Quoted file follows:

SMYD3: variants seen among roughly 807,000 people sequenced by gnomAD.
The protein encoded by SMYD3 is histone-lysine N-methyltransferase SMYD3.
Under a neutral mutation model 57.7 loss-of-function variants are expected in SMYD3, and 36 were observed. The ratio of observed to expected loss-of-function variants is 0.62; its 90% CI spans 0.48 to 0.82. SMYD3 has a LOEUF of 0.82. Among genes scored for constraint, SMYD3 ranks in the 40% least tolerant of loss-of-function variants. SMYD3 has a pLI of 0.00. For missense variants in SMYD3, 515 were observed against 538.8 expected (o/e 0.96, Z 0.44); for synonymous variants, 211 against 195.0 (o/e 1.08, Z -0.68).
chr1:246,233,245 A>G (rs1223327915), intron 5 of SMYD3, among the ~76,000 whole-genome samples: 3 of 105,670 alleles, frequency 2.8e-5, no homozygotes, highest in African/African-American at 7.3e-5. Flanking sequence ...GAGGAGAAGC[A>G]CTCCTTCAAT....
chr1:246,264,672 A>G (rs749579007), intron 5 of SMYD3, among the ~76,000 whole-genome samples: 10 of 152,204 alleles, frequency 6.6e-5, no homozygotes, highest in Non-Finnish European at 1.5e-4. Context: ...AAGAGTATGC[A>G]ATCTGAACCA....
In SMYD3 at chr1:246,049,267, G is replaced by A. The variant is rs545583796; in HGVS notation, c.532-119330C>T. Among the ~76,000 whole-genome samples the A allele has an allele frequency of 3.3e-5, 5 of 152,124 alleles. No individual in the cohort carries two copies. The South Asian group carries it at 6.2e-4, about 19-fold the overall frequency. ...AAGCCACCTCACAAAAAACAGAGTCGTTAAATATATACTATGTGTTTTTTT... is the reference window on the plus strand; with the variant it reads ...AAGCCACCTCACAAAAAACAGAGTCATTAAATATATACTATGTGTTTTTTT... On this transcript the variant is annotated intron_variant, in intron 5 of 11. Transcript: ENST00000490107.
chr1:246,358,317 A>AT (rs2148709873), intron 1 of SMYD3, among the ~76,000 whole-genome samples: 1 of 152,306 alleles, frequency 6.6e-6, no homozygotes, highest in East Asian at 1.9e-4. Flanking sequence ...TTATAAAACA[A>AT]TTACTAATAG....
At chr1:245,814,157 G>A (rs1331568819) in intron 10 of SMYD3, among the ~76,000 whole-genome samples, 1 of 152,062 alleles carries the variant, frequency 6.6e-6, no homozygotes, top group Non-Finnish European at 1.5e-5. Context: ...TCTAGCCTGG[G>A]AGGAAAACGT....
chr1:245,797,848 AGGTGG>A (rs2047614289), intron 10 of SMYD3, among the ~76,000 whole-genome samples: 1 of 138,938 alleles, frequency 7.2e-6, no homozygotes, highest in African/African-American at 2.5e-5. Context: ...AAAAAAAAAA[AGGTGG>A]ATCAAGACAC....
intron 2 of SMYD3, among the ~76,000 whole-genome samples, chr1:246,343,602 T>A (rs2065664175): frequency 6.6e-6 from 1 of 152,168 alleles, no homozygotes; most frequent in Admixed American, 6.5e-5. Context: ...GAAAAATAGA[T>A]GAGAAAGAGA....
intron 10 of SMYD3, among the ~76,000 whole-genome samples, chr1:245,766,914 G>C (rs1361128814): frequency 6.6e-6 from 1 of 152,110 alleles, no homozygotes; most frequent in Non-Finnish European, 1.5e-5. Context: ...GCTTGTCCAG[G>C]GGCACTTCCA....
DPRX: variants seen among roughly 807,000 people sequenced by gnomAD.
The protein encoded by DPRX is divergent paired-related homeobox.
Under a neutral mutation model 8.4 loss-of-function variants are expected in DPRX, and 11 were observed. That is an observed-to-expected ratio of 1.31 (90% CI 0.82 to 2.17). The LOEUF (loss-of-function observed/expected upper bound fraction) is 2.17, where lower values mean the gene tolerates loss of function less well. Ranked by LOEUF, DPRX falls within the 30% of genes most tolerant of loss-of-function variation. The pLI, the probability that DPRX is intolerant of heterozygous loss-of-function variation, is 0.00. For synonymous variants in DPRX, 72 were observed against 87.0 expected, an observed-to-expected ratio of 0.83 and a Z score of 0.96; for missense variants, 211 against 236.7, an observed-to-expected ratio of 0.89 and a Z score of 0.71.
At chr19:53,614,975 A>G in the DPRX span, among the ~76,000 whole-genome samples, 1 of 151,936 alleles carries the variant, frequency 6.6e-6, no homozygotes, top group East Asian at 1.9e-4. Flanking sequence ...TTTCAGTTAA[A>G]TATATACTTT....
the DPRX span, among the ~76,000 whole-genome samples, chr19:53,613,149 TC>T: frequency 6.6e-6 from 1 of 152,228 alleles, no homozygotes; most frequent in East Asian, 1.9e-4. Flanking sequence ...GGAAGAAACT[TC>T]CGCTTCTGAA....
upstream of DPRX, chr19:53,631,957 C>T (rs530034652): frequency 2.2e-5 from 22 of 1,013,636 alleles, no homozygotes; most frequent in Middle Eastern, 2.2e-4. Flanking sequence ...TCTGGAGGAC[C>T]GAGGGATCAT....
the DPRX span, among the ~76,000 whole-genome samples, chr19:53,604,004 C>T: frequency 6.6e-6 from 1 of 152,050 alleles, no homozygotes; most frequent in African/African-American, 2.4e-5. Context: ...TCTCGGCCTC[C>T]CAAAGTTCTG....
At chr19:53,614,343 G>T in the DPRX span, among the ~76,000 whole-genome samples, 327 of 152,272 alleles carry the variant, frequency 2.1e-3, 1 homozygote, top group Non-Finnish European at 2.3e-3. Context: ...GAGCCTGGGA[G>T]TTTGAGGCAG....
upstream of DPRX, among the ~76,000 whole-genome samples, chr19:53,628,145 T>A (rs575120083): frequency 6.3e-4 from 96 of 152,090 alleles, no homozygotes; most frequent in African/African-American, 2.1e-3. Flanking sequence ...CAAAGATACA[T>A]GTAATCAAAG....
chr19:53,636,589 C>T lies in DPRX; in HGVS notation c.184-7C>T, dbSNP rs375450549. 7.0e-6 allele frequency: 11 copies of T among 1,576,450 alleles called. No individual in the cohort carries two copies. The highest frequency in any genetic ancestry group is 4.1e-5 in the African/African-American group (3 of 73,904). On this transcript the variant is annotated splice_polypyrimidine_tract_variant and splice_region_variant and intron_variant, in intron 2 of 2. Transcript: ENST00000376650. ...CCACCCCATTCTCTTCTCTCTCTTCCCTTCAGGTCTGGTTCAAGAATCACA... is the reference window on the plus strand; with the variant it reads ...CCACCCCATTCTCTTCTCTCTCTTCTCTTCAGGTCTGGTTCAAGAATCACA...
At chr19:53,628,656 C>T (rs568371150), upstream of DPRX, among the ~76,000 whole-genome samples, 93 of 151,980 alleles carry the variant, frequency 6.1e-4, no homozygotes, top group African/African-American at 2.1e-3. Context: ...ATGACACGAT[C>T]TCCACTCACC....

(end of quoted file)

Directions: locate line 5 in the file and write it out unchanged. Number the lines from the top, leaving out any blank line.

chr1:246,264,672 A>G (rs749579007), intron 5 of SMYD3, among the ~76,000 whole-genome samples: 10 of 152,204 alleles, frequency 6.6e-5, no homozygotes, highest in Non-Finnish European at 1.5e-4. Context: ...AAGAGTATGC[A>G]ATCTGAACCA....